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On Death and Dying and Doing it all Wrong

On my desk are sympathy cards. They’re blank because I can’t fill them in. I cannot bring myself to write:

Dear Emily,

I’m so sorry that you lost your mother in what should have been her best and strongest years. I’m so sad for you that you won’t have your mother there when you have children and that your father will grow old with someone else, or even alone. I cannot begin to tell you how much I love you and how blessed I am Because you are part of my life…

I couldn’t write any of that because I’m uncomfortable with death at the wrong age. Emily’s mother wouldn’t have qualified for Social Security. I am also terrified that what I will say is wrong, and I’m aware that my silence is deafening. The cards must be sent. Someone more actualized than I might say that there is no wrong age to die. I get it, I hear you. It’s my flaw.

In January of 2007 I discovered blogging because I was angry. Not a
little bit angry but seeing red, rage filled angry. Writing about my
friend’s slow and ugly death kept me from screaming in the streets. I don’t know that my marriage would have been in tact without that horrible little blog. We have girlfriends because women really do need to talk things through in a different way than our husbands.

When you’re a mother you don’t always have time for your girlfriends if your girlfriends aren’t mothers also. When you’re in crisis it’s easy to feel terribly alone. When you’re busy from dawn to dusk and your husband is working a million hours a day and the kids won’t stop calling you Mommy, what do you do? When do you breathe? Who will take care of me?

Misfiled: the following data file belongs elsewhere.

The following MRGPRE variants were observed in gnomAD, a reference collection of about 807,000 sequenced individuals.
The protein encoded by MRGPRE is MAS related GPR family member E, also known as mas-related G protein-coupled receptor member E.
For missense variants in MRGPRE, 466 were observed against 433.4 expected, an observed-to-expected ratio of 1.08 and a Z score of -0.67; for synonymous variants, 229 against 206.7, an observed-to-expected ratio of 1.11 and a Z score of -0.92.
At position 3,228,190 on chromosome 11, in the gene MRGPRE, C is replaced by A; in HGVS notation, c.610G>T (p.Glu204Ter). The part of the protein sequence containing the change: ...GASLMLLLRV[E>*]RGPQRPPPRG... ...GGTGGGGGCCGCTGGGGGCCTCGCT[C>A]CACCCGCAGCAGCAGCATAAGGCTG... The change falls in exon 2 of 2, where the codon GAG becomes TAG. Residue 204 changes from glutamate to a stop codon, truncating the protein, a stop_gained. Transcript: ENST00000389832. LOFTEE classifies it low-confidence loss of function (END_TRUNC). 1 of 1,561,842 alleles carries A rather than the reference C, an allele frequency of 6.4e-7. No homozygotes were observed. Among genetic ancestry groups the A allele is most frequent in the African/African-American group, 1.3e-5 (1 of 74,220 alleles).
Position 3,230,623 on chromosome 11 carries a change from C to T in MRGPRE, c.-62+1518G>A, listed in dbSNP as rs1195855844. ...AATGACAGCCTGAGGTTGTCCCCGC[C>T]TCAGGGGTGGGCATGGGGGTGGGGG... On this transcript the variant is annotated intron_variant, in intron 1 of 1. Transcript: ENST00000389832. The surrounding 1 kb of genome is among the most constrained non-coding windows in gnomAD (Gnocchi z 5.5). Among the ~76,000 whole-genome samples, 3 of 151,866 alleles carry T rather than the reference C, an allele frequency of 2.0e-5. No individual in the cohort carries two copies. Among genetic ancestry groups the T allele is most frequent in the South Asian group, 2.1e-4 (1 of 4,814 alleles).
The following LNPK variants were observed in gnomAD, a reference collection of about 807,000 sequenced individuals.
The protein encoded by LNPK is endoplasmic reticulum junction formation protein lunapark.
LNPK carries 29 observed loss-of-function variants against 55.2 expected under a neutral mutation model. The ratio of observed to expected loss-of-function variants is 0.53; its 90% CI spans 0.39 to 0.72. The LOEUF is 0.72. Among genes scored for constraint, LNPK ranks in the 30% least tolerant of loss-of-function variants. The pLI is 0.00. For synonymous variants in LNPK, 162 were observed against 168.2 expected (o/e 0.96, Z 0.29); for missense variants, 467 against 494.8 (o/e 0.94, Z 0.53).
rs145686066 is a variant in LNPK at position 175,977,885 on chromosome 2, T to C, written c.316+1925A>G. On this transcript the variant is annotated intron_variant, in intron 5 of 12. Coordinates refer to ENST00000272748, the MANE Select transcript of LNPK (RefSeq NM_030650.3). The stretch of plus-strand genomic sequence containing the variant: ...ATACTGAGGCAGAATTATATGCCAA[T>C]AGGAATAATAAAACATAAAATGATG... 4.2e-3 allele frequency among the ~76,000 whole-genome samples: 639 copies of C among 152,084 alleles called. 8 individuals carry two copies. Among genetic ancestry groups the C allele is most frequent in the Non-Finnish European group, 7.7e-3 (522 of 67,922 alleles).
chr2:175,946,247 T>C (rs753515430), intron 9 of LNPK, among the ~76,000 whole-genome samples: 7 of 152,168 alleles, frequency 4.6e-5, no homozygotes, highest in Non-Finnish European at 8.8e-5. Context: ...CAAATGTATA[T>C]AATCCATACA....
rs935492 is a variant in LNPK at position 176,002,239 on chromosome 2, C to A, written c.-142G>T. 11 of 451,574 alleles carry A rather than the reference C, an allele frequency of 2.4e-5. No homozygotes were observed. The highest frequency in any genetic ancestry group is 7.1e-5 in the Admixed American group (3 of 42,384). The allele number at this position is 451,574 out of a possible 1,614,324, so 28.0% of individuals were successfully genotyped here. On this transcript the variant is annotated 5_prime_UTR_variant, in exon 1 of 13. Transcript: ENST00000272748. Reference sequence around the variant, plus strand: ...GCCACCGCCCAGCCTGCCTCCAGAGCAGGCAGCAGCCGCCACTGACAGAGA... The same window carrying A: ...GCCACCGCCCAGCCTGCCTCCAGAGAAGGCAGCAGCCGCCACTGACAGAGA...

My best childhood friend lost her sister when we were teens and I really wasn’t there for her. I couldn’t be, I wasn’t adult enough. On that day she made the leap to adulthood, she had no parachute. She didn’t have me, that’s for sure. I could have tried, awkwardly. I should have tried to be there more but I didn’t know where to begin. My own mother is furiously uncomfortable with illness, never mind finality, my father is an uber observant Jew so you just say a lot of Hebrew and get on with it.

I really need this to stop. For my childrens’ sakes. Now.

In my adulthood, with no excuses and more than enough life experience to get the job done I find myself stuck. Unable to complete this post. Unable to find the words that won’t be wrong. Because each and every word feels horribly, terribly and woefully wrong. I’m going to send the condolence card to the family that I love, I’ll trust that though the words may stumble and bumble, the family will know how very much I love them.

1 thought on “On Death and Dying and Doing it all Wrong”

  1. Jessica.. You are right when you say silence is deafening. When you say nothing it is so much louder than saying even three words. A simple.. ‘I am sorry’ is worth a million dollars. I’ve been through it.. I know. I still have a list of people who said nothing. I try so hard not to judge and not to remember.. but somehow… I KNOW. I hate that I feel that way… but I do. If only these people had at least acknowledged the death, I would have felt better. My father was only 63 when he died tragically in his sleep of a heart attack. Some of my closest friends did not even call me. I suppose they didn’t know what to say. They figured it would “blow over”. They are not excused. Not to this day. Sorry. I’m a bitch like that.

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